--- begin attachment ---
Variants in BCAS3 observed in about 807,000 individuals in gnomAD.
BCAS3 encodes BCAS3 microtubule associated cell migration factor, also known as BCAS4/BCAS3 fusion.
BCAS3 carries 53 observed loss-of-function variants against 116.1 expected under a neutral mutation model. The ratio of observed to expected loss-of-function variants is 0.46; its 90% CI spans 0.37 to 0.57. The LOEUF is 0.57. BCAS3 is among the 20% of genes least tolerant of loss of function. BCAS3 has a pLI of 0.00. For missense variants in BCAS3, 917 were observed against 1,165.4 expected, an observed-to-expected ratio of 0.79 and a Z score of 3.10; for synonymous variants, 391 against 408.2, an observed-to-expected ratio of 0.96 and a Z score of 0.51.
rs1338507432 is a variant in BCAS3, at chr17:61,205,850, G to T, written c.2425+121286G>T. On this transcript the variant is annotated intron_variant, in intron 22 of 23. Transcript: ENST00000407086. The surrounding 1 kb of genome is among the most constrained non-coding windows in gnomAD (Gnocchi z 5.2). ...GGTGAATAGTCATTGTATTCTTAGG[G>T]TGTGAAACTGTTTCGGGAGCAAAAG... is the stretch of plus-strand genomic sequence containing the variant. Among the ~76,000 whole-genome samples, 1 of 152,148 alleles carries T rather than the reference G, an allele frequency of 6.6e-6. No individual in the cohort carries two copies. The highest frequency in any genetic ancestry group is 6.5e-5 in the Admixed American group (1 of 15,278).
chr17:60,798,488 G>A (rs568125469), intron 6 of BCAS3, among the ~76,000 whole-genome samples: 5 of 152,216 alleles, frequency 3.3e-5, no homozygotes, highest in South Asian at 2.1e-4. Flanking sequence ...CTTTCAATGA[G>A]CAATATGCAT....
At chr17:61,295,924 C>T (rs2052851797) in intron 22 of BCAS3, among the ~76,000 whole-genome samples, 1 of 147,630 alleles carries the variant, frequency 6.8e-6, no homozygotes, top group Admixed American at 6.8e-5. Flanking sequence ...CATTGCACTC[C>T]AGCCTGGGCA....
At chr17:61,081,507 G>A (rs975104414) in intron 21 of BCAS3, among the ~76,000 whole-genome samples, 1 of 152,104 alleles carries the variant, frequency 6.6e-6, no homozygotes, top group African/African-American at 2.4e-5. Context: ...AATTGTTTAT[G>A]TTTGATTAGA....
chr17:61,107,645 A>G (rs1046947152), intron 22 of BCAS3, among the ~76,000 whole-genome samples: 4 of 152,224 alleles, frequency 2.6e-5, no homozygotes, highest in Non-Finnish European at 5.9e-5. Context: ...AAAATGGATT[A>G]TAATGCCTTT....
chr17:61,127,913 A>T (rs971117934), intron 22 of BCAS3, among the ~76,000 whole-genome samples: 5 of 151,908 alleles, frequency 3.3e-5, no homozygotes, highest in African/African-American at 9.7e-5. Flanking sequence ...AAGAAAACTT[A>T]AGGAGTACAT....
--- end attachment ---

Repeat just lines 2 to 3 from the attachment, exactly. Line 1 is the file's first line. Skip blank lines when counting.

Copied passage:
BCAS3 encodes BCAS3 microtubule associated cell migration factor, also known as BCAS4/BCAS3 fusion.
BCAS3 carries 53 observed loss-of-function variants against 116.1 expected under a neutral mutation model. The ratio of observed to expected loss-of-function variants is 0.46; its 90% CI spans 0.37 to 0.57. The LOEUF is 0.57. BCAS3 is among the 20% of genes least tolerant of loss of function. BCAS3 has a pLI of 0.00. For missense variants in BCAS3, 917 were observed against 1,165.4 expected, an observed-to-expected ratio of 0.79 and a Z score of 3.10; for synonymous variants, 391 against 408.2, an observed-to-expected ratio of 0.96 and a Z score of 0.51.